When United Nations Secretary-General Ban Ki-Moon visited Jerusalem this August, he made a remarkable confession to a group of students. Describing the UN's treatment of Israel, Ban reportedly said, "Unfortunately, because of the conflict, Israel has been weighed down by criticism and suffered from bias—sometimes even discrimination."
It's hard to recall another senior UN official, let alone a Secretary-General, being so candid about the Jewish state's unhappy experience of virulent criticism, endemic bias, and structured discrimination at the international organization. In fact, Ban may have been a bit too frank for a man in his position. After he returned to New York, an Israeli reporter quizzed him over his admission. Ban responded with an awkward about-turn.
"I don't think there is discrimination against Israel at the United Nations," Ban said. His meaning was clear enough, but his subsequent explanation blurred the distinction between is and ought in a rather intriguing manner. "The Israeli government maybe raised this issue that there's some bias against Israel, but Israel is one of the 193 member states," Ban continued. "Thus, Israel should have equal rights and opportunities without having any bias, any discrimination. That's a fundamental principle of the United Nations charter. And thus, Israel should be fully given such rights" (my emphasis).
As a description of how the UN is supposed to work, Ban's statement was perfectly correct. Article 2.1 of the UN Charter makes it clear that the organization is "based on the principle of the sovereign equality of all its members." Once a state is accepted by the UN, its domestic form of government should have no bearing on the rights it enjoys. Indeed, the sovereignty principle is what allows states with radically different characters, from democratic Canada to totalitarian North Korea, to sit together as equal members of the organization.
As an account of how the UN actually treats Israel, however, Ban's comment was misleading to the point of frightening absurdity. While a reading of the Charter confirms that, as Ban put it, Israel "should have equal rights and opportunities," any systematic review of Israel's history at the international body reveals a unique pattern of discrimination. As Ron Prosor, the Israeli Ambassador to the UN, pointed out in a response to Ban's backtracking, "It doesn't take the investigative skills of Agatha Christie to deduce that there's bias against Israel at the United Nations."
Prosor provided a summary of how this discrimination manifests itself: Each year, he said, the United Nations General Assembly passes at least twenty resolutions that single out Israel. These, Prosor added, "are passed in a 'standard operating procedure,' discriminating against Israel with absolutely zero connection to changing realities in the world or the Middle East." Additionally, there is the notorious "Agenda Item 7" of the UN Human Rights Council. In 2007, 46 out of 47 members of the Council agreed that Israel is the only country in the world whose alleged human rights violations should be a permanent subject of its deliberations. Year after year, the Council consistently adopts more resolutions critical of Israel than of all other countries on earth combined–including 6 in its recent March session, as opposed to 4 for the rest of the world. As Irwin Cotler, a former Canadian Minister of Justice and expert on international law, recently called upon the UN to end the Council's extreme bias. "It is not that Israel seeks to be above the law, but that Israel is systematically denied equality before the law in the international arena; it is not that human rights standards must not be applied to Israel, but that they must apply equally."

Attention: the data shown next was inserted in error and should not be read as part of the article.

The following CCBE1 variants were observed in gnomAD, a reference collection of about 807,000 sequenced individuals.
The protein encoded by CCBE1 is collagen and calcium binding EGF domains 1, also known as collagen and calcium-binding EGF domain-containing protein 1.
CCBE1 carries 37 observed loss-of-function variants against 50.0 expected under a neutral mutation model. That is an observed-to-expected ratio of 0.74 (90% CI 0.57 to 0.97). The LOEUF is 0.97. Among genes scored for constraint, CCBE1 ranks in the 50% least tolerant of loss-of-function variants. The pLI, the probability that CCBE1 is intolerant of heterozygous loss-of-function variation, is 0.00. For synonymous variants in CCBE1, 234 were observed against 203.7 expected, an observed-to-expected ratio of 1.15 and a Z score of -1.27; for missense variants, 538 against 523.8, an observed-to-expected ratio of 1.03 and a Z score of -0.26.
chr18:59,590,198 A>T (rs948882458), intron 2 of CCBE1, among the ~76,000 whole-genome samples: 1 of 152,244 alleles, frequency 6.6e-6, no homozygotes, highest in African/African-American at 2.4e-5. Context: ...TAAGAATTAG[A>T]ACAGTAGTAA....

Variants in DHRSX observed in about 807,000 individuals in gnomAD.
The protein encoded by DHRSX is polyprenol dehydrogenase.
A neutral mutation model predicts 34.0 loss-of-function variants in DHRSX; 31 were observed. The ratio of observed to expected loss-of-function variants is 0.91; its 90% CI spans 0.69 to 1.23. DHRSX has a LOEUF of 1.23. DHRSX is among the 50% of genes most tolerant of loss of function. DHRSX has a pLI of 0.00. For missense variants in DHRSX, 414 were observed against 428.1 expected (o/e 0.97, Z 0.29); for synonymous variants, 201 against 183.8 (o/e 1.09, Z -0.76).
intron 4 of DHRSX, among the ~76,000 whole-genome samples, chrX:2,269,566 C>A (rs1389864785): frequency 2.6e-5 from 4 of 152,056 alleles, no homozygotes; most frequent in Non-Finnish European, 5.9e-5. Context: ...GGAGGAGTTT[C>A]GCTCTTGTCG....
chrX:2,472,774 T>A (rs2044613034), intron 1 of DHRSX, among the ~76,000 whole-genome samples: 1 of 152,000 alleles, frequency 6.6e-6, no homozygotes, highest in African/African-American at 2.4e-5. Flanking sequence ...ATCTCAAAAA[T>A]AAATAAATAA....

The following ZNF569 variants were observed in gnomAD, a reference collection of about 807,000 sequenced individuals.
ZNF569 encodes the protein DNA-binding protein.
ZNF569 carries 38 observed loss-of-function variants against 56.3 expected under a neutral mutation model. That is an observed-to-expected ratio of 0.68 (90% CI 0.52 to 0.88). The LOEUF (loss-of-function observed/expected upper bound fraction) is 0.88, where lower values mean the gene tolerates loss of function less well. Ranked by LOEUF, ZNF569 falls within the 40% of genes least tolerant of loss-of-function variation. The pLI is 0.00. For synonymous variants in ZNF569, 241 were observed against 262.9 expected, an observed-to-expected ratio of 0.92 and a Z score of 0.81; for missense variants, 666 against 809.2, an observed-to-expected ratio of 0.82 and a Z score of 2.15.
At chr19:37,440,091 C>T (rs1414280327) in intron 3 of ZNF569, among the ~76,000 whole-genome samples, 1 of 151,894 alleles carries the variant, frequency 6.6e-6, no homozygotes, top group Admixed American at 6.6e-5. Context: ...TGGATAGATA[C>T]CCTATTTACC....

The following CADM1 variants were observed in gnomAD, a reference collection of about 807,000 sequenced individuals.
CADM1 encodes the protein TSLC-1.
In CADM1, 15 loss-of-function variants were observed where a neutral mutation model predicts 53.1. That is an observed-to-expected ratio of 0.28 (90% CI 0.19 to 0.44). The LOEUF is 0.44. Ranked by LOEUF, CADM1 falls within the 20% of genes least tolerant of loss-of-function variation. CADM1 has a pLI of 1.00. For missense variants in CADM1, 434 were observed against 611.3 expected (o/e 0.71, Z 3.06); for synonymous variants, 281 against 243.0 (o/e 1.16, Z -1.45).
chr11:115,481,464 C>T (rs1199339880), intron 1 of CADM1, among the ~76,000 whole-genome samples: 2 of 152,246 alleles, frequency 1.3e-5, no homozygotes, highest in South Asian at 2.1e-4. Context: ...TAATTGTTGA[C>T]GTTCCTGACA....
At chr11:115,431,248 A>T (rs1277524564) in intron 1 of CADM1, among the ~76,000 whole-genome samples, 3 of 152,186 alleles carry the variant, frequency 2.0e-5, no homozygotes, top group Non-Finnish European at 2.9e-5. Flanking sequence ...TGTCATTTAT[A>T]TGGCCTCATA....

To students of the UN and Israel, none of this is new. But it is worth keeping in mind that the UN is not defined solely by its relationship with Israel. What is most confusing to well-intentioned outside observers is the fact that alongside its tragic record of ignoring global atrocities in order to single out the Jewish State, it has other parts of it that often seem to function more or less according to their official promise. There are, in other words, two UNs: One is the international humanitarian body that, for all its flaws, nonetheless does a great deal of good. The second, which includes an array of agencies and official and semi-official bodies, is essentially a rabidly hostile, anti-Israel manifestation of the Palestinian national movement. Taxpayers from UN member states—especially the U.S., which provides 22 percent of the UN's budget—and anyone who is affected by what amounts to the effective hijacking of important international bodies for one-sided and sometimes violent political ends have a right to question the wisdom of continuing to support the latter, while giving the former all the credit and support it deserves.
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